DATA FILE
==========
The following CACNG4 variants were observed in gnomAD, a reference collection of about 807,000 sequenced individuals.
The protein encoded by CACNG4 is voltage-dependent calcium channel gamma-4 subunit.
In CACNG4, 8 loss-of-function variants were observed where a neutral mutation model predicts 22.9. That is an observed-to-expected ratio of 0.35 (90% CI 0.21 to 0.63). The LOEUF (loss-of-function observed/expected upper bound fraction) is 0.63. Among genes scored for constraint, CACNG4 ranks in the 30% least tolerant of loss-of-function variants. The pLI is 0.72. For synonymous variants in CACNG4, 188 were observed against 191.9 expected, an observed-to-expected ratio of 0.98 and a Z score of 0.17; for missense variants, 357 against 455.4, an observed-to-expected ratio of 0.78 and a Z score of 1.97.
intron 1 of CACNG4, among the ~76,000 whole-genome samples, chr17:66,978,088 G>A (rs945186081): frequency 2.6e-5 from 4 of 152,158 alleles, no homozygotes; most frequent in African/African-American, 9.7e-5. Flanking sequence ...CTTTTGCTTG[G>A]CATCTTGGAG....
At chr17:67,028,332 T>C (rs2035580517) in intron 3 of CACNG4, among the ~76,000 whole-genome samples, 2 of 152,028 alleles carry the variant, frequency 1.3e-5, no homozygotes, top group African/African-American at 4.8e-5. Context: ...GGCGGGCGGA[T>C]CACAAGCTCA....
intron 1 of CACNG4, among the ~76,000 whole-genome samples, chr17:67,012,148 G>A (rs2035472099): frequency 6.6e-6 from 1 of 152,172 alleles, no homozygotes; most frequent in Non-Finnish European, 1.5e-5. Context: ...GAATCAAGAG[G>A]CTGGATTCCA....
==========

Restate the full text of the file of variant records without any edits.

The following CACNG4 variants were observed in gnomAD, a reference collection of about 807,000 sequenced individuals.
The protein encoded by CACNG4 is voltage-dependent calcium channel gamma-4 subunit.
In CACNG4, 8 loss-of-function variants were observed where a neutral mutation model predicts 22.9. That is an observed-to-expected ratio of 0.35 (90% CI 0.21 to 0.63). The LOEUF (loss-of-function observed/expected upper bound fraction) is 0.63. Among genes scored for constraint, CACNG4 ranks in the 30% least tolerant of loss-of-function variants. The pLI is 0.72. For synonymous variants in CACNG4, 188 were observed against 191.9 expected, an observed-to-expected ratio of 0.98 and a Z score of 0.17; for missense variants, 357 against 455.4, an observed-to-expected ratio of 0.78 and a Z score of 1.97.
intron 1 of CACNG4, among the ~76,000 whole-genome samples, chr17:66,978,088 G>A (rs945186081): frequency 2.6e-5 from 4 of 152,158 alleles, no homozygotes; most frequent in African/African-American, 9.7e-5. Flanking sequence ...CTTTTGCTTG[G>A]CATCTTGGAG....
At chr17:67,028,332 T>C (rs2035580517) in intron 3 of CACNG4, among the ~76,000 whole-genome samples, 2 of 152,028 alleles carry the variant, frequency 1.3e-5, no homozygotes, top group African/African-American at 4.8e-5. Context: ...GGCGGGCGGA[T>C]CACAAGCTCA....
intron 1 of CACNG4, among the ~76,000 whole-genome samples, chr17:67,012,148 G>A (rs2035472099): frequency 6.6e-6 from 1 of 152,172 alleles, no homozygotes; most frequent in Non-Finnish European, 1.5e-5. Context: ...GAATCAAGAG[G>A]CTGGATTCCA....